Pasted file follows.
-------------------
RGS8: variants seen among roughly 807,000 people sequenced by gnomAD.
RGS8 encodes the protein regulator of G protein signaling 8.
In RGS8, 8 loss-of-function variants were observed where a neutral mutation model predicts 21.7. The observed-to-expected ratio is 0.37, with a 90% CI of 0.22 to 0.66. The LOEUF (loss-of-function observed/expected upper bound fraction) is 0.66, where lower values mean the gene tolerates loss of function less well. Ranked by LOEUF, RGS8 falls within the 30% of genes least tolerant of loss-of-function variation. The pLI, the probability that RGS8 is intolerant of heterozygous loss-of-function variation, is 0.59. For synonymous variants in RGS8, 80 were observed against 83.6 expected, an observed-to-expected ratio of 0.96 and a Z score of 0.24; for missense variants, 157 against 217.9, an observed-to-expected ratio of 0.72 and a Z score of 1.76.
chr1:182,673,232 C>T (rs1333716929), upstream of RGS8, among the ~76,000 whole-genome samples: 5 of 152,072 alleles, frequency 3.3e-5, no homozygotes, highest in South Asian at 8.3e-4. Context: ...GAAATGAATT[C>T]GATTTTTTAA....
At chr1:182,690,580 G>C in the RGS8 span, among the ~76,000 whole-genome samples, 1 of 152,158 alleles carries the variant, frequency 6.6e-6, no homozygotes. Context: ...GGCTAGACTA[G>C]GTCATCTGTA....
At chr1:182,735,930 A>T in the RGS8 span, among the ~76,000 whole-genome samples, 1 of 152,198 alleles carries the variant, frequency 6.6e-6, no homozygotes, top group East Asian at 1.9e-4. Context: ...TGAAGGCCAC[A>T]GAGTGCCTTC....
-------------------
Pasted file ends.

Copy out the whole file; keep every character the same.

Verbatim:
RGS8: variants seen among roughly 807,000 people sequenced by gnomAD.
RGS8 encodes the protein regulator of G protein signaling 8.
In RGS8, 8 loss-of-function variants were observed where a neutral mutation model predicts 21.7. The observed-to-expected ratio is 0.37, with a 90% CI of 0.22 to 0.66. The LOEUF (loss-of-function observed/expected upper bound fraction) is 0.66, where lower values mean the gene tolerates loss of function less well. Ranked by LOEUF, RGS8 falls within the 30% of genes least tolerant of loss-of-function variation. The pLI, the probability that RGS8 is intolerant of heterozygous loss-of-function variation, is 0.59. For synonymous variants in RGS8, 80 were observed against 83.6 expected, an observed-to-expected ratio of 0.96 and a Z score of 0.24; for missense variants, 157 against 217.9, an observed-to-expected ratio of 0.72 and a Z score of 1.76.
chr1:182,673,232 C>T (rs1333716929), upstream of RGS8, among the ~76,000 whole-genome samples: 5 of 152,072 alleles, frequency 3.3e-5, no homozygotes, highest in South Asian at 8.3e-4. Context: ...GAAATGAATT[C>T]GATTTTTTAA....
At chr1:182,690,580 G>C in the RGS8 span, among the ~76,000 whole-genome samples, 1 of 152,158 alleles carries the variant, frequency 6.6e-6, no homozygotes. Context: ...GGCTAGACTA[G>C]GTCATCTGTA....
At chr1:182,735,930 A>T in the RGS8 span, among the ~76,000 whole-genome samples, 1 of 152,198 alleles carries the variant, frequency 6.6e-6, no homozygotes, top group East Asian at 1.9e-4. Context: ...TGAAGGCCAC[A>T]GAGTGCCTTC....